A Taste of Random Decision Forests on Apache Spark

A Taste of Random Decision
Forests on Apache Spark
Sean Owen | Director, Data Science @ Cloudera
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1
The Roots of Prediction
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2
Regression to the
mean as an early
predictive model?
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3
Input + Model = Output
Galton’s Regression
Parent Height
?
Child Height
Classifying Iris Species
Petal Length
?
Petal Width
Iris Species
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4
Feature Vectors in the Iris Data Set
Sepal Length Sepal Width Petal Length Petal
Width
5.1
3.5
1.4
0.2
4.9
3.0
1.4
0.2
7.0
3.2
4.7
1.4
6.3
3.3
6.0
2.5
6.4
3.2
4.5
1.5
…
…
…
…
?
Species
Iris-setosa
Iris-setosa
Iris-versacolor
Iris-virginica
Iris-versacolor
…
6.4,3.2,4.5,1.5,Iris-versacolor
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5
Classically,
classification has been
linear models,
drawing ideal
category dividing lines
LR
SVM
SVM+kernel
commons.wikimedia.org/wiki/File:Iris_Flowers_Clustering_kMeans.svg
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6
Introducing Decision Trees
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7
Good Pet Data Set
Name
Weight (kg)
Legs
Color
Suitable Pet?
Fido
20.5
4
Brown
Yes
Mr. Slither
3.1
0
Green
No
Nemo
0.2
0
Tan
Yes
Dumbo
1390.8
4
Grey
No
Kitty
12.1
4
Grey
Yes
Jim
150.9
2
Tan
No
Millie
0.1
100
Brown
No
McPigeon
1.0
2
Grey
No
Spot
10.0
4
Brown
Yes
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8
Possible Decision Trees
Weight
>= 100kg
No
Weight
>= 500kg
No
Yes
Suitable
Not Suitable
4 / 8 correct
1 / 1 correct
~56%
Yes
Is color
green?
No
Not Suitable
2 / 2 correct
Yes
Suitable
Not Suitable
4 / 6 correct
1 / 1 correct
~78%
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9
Simple decision trees
create axis-aligned,
stair-step decision
boundaries
commons.wikimedia.org/wiki/File:Iris_Flowers_Clustering_kMeans.svg
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10
Interpreting Models
Linear Models give Coefficients
Decision Trees give Decisions
> library("e1071")
> model <- svm(Species ~ ., data = iris,
method = "C-classification")
> model$SV
> library("party")
> cf <- cforest(Species ~ ., data = iris)
> party:::prettytree([email protected][[1]],
names([email protected]@get("input")))
Sepal.Length Sepal.Width Petal.Length Petal.Width
9
-1.74301699 -0.36096697 -1.33575163 -1.3110521
14
-1.86378030 -0.13153881 -1.50569459 -1.4422448
16
-0.17309407 3.08045544 -1.27910398 -1.0486668
...
1) Petal.Length <= 1.9; ...
2)* weights = 0
1) Petal.Length > 1.9
3) Petal.Width <= 1.7; ...
4) Petal.Length <= 4.8; ...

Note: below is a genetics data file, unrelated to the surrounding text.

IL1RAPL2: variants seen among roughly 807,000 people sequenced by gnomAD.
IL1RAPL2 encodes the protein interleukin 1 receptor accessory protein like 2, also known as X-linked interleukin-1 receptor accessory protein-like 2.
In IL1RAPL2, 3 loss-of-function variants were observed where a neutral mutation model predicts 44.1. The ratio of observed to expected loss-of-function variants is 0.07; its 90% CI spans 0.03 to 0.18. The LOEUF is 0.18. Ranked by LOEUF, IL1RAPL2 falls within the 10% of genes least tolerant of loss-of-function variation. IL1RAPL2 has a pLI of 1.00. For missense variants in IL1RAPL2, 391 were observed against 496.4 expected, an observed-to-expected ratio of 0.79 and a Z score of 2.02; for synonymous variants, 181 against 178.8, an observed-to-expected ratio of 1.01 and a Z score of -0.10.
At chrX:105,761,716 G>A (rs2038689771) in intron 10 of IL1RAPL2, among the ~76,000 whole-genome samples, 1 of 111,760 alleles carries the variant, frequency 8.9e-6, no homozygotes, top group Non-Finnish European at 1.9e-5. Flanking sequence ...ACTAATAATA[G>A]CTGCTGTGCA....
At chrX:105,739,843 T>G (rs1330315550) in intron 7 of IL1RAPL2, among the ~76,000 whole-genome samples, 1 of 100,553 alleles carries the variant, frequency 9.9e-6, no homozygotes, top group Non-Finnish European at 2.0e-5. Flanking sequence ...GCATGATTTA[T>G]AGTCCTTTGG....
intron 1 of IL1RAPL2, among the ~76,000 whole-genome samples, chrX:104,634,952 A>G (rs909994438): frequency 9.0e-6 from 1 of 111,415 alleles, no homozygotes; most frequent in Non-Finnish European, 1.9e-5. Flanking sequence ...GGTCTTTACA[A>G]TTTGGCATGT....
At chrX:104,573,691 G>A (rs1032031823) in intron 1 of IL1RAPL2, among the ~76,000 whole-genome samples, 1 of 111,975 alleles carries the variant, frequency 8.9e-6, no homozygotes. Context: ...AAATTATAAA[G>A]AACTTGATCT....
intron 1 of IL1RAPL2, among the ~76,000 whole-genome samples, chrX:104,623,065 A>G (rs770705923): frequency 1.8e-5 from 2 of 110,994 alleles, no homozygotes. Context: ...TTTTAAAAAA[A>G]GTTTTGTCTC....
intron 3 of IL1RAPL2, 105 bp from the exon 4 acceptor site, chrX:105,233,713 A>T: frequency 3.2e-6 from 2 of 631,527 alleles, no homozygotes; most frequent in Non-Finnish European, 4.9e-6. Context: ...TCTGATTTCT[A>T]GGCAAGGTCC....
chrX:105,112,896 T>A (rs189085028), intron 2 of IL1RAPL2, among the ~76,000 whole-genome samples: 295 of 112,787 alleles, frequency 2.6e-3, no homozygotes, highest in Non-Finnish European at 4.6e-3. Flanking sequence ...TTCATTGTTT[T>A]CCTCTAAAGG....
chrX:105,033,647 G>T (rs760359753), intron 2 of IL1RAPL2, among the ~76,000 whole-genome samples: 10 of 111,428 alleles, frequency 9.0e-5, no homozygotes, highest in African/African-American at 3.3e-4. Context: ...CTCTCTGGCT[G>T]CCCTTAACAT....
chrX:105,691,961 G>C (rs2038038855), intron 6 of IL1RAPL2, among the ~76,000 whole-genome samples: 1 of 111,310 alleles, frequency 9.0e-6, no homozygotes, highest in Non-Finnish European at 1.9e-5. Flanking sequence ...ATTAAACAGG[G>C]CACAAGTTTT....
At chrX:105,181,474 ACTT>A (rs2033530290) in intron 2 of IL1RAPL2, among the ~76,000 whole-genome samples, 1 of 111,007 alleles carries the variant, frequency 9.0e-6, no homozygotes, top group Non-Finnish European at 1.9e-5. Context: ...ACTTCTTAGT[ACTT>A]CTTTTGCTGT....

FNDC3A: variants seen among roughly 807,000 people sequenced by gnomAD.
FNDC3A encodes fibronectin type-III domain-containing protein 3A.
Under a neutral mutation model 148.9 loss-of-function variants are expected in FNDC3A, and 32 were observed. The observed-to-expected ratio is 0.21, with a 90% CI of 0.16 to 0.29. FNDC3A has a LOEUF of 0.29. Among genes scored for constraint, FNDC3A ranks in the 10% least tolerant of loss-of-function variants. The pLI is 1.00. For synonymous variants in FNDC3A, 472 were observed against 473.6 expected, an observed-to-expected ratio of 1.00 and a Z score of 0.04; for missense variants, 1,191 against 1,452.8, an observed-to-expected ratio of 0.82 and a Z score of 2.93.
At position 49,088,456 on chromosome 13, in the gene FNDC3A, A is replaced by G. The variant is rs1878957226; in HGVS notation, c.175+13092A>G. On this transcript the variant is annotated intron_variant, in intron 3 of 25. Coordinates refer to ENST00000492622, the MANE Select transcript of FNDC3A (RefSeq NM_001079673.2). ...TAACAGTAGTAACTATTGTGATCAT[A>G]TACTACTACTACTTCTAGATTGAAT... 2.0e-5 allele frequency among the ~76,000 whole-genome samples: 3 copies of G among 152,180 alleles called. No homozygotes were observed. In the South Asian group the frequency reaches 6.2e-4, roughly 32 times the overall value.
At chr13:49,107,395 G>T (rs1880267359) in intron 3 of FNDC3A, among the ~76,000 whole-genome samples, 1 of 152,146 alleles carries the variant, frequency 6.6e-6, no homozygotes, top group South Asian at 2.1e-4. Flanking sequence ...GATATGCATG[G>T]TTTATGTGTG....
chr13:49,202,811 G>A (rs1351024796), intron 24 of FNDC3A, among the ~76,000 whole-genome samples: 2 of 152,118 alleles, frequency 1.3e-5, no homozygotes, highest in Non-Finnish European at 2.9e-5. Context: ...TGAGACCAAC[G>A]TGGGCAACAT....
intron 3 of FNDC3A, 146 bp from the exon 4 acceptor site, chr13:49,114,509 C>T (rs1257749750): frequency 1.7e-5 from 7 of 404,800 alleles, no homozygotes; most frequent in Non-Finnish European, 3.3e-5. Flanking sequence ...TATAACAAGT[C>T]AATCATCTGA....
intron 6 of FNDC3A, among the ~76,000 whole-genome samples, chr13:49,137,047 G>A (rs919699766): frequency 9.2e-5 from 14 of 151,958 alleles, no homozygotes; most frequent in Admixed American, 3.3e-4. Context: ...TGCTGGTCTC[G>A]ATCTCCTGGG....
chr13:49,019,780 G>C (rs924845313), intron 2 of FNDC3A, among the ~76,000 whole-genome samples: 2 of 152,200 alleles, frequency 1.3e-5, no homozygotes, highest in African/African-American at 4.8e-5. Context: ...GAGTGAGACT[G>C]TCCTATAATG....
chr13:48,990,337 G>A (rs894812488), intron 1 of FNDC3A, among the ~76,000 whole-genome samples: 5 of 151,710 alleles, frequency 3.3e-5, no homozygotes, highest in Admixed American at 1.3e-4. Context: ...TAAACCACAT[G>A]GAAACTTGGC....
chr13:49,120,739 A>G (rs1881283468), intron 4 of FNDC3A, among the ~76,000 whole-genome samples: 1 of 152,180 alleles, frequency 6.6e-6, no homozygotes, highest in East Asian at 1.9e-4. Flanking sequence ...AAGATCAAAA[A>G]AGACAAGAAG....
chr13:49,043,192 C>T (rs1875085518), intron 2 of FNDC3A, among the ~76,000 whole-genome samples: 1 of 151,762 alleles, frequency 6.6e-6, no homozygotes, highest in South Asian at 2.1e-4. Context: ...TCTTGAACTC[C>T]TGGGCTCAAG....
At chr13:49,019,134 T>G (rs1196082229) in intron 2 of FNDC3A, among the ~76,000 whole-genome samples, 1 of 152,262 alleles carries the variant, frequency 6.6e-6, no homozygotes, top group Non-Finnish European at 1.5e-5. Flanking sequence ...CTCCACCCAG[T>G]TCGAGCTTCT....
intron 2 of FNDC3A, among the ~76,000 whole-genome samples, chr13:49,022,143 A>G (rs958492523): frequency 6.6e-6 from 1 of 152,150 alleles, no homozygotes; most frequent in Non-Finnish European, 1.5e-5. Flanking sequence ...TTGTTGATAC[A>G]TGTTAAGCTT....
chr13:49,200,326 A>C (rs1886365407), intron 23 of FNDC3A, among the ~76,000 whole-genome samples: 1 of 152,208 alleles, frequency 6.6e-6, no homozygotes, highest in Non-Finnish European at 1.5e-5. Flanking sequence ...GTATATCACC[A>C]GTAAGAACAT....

5) Sepal.Length <= 5.5; ...
6)* weights = 0
...
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11
Decision Trees in MLlib
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12
Covertype Data Set
581,012 examples
54 features (elevation,
slope, soil type, etc.)
predicting forest
cover type (spruce,
aspen, etc.)
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13
Encoding as LabeledPoint
Elevation
Slope
2596,51,3,258,0,510,221,232,148,6279,
1,0,0,0,
Wilderness Type
0,0,0,0,0,0,0,0,0,0,0,0,0,0,0,0,0,0,0,0,
0,0,0,0,0,0,1,0,0,0,0,0,0,0,0,0,0,0,0,0,
5
Soil Type
Cover Type
label
features
5.0
2596.0
mllib.regression.LabeledPoint
51.0
3.0
258.0
0.0
510.0
221.0
…
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14
Building a Decision Tree in MLlib
import org.apache.spark.mllib.linalg._
import org.apache.spark.mllib.regression._
import org.apache.spark.mllib.tree._
val rawData = sc.textFile("/user/ds/covtype.data")
val data = rawData.map { line =>
val values = line.split(',').map(_.toDouble)
val featureVector = Vectors.dense(values.init)
val label = values.last - 1
LabeledPoint(label, featureVector)
}
val Array(trainData, testData) =
data.randomSplit(Array(0.9, 0.1))
trainData.cache()
DecisionTreeModel classifier
of depth 4 with 31 nodes
If (feature 0 <= 3042.0)
If (feature 0 <= 2509.0)
If (feature 3 <= 0.0)
If (feature 12 <= 0.0)
Predict: 3.0
Else (feature 12 > 0.0)
Predict: 5.0
Else (feature 3 > 0.0)
If (feature 0 <= 2465.0)
Predict: 2.0
Else (feature 0 > 2465.0)
Predict: 2.0
Else (feature 0 > 2509.0)
...
val model = DecisionTree.trainClassifier(
trainData, 7, Map[Int,Int](), "gini", 4, 100)
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15
Evaluating a Decision Tree
import org.apache.spark.mllib.evaluation._
import org.apache.spark.mllib.tree.model._
import org.apache.spark.rdd._
def getMetrics(model: DecisionTreeModel,
data: RDD[LabeledPoint]) = {
val predictionsAndLabels = data.map(example =>
(model.predict(example.features), example.label)
)
new MulticlassMetrics(predictionsAndLabels)
}
val metrics = getMetrics(model, testData)
metrics.confusionMatrix
metrics.precision
14406.0
5706.0
0.0
0.0
0.0
0.0
1120.0
6459.0
22086.0
439.0
0.0
926.0
461.0
27.0
6.0
415.0
3056.0
139.0
28.0
1186.0
0.0
0.0
13.0
65.0
98.0
2.0
37.0
0.0
0.0
0.0
0.0
0.0
0.0
0.0
0.0
0.0
11.0
13.0
0.0
0.0
61.0
0.0
416.0
40.0
0.0
0.0
0.0
0.0
925.0
0.6988527889097195
~ 70% accuracy
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16
Better Than Random Guessing?
def classProbabilities(data: RDD[LabeledPoint]) = {
val countsByCategory =